Kansas-Nebraska Act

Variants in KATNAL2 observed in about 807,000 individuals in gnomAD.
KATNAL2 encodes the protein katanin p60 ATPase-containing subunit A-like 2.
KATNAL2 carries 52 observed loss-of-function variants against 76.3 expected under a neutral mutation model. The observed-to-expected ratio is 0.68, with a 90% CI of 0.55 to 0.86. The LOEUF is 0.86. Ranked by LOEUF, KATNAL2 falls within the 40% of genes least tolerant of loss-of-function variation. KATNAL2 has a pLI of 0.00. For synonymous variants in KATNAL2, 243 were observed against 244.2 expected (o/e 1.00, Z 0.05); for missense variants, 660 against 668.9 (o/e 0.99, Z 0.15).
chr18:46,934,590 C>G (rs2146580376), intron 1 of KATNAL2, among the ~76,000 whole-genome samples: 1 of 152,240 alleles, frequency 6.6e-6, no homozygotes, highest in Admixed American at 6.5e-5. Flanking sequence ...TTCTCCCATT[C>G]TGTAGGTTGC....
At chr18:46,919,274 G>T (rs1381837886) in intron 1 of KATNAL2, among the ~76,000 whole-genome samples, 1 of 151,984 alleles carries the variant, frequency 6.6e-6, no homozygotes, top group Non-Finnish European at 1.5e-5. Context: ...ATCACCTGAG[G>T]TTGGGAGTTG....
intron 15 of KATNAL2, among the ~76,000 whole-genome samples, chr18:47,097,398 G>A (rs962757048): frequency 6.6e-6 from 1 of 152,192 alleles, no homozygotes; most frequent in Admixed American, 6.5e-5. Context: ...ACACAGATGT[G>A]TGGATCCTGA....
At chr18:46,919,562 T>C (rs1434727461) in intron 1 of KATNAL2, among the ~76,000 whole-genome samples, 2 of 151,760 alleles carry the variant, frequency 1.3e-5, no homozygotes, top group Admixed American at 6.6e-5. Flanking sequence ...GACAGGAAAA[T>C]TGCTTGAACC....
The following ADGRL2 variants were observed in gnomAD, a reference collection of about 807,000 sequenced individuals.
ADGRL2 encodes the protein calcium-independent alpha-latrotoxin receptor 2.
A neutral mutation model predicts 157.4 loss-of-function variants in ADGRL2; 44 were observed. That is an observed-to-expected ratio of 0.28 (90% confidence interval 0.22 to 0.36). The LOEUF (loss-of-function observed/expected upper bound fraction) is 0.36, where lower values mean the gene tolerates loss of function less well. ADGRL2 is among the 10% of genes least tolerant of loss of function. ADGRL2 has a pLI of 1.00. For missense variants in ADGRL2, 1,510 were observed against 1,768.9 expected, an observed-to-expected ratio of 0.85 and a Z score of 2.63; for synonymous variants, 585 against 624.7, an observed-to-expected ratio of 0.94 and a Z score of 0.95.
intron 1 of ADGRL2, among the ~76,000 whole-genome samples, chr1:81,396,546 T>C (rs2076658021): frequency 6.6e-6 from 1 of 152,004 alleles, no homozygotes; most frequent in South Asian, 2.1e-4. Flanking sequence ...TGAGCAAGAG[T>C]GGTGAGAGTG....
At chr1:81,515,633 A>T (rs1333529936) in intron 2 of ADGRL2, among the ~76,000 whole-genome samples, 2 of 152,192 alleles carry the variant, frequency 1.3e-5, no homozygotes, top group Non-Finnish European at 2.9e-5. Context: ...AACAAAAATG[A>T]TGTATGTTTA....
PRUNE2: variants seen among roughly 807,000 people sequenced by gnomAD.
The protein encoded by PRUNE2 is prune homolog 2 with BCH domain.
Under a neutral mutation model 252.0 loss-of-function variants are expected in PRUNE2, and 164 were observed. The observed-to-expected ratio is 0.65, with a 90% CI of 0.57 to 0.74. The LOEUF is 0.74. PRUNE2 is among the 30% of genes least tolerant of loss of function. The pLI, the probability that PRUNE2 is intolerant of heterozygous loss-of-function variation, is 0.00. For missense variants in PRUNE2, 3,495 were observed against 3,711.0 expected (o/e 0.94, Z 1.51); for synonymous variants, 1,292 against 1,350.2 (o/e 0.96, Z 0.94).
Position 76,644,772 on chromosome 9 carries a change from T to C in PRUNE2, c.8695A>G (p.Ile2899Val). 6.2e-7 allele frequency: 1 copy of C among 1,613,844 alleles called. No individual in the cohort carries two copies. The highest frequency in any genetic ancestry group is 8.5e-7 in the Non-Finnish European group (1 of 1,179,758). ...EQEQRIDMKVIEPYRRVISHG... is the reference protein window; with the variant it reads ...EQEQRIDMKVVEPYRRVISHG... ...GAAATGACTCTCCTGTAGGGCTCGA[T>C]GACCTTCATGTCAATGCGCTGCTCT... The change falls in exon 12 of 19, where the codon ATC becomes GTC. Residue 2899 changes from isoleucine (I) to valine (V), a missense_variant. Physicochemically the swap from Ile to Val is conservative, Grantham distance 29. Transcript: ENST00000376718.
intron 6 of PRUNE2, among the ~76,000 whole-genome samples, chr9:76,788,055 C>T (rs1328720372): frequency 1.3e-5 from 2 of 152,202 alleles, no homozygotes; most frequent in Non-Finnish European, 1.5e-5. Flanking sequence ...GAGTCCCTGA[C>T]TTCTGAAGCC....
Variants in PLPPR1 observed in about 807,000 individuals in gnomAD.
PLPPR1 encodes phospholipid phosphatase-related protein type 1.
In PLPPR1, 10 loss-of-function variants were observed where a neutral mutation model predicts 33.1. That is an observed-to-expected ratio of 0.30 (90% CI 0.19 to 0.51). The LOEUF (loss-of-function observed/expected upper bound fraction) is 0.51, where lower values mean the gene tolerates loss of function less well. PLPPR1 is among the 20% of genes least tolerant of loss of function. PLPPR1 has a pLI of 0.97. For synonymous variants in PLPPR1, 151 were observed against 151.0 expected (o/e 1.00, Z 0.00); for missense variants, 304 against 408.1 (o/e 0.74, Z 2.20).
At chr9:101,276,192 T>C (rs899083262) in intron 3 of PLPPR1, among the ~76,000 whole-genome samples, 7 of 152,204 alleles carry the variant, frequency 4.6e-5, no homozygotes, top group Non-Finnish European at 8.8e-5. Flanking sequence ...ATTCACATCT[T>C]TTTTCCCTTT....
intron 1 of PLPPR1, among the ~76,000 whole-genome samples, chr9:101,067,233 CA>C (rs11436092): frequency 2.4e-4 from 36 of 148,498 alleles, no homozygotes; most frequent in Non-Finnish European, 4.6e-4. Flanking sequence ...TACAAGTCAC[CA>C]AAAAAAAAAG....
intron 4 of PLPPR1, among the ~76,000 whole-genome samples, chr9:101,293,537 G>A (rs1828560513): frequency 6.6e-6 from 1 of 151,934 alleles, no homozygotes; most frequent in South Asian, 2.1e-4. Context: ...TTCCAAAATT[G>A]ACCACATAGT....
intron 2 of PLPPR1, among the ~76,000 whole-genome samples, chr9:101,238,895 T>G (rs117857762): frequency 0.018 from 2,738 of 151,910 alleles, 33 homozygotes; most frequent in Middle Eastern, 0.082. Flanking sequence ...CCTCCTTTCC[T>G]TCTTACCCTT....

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Kansas-Nebraska Act The Kansas-Nebraska act (1854) was a U.S. law that authorized the creation of Kansas and Nebraska, west of the states of Missouri and Iowa and divided by the 40th parallel. It repealed a provision of the Missouri compromise of 1820 that prohibited slavery in the territories north of 36 degrees and 30' and stipulated that the inhabitant of the territories should decide for themselves the legality of slave holding. Democratic senator of Illinois Stephen A. Douglas pushed the Kansas-Nebraska bill. In Garranty's The American Nation shows evidence that Douglas had a great political interest in the passing of this bill because he also served as the director of Illinois central line. Therefore, it would have been in his best interest for the transcontinental railroad to pass through the northern states or to be exact through Chicago. The facts show that Douglas, "To win over the southerners Douglas agreed to divide the region into two territories, Kansas and Nebraska, and then fateful concession to repeal the part of the Missouri compromise that excluded slavery from land north of 36 degrees 30'."(Garraty pg.402) This move could be of great help to him, because if he should seek election for president in the future he would have the support of the south. Muzzey author of The American Adventure also shows evidence that the Kansas-Nebraska bill was " a bid for southern support in the next democratic convention." (Muzzey pg.485) In 1852 Douglas sought for presidential nomination but had only the support of the north, and it was necessary in those days for candidate to win southern support in order to gain the presidency or nomination [nomination for the presidency]."(Elson pg. 5... ... middle of paper ... ...asure practically ended support for that party in the South. The northern Whigs joined antislavery Democrats and know-nothings to form the Republican Party in July 1854. A conflict soon developed in Kansas between pro-slavery settlers from Missouri and antislavery newcomers who began to move into the territory from the northeastern states. Fighting between the two groups continued for several years, aggravating the sectional controversy played a major role in the outbreak of the Civil War in 1861. Bibliography: Elson, Henry W., History of the United States (1904) p. 573 Basset, John S., Short History of the United States (1913) p. 487 Muzzey, David S., The American Adventure (2 vols.: 1927) p. 485 Morrison, Samuel E., et al, The growth of the American republic (2 vol.: 1969) p. 586 Garraty, John A. The American Nation (1991) p. 402
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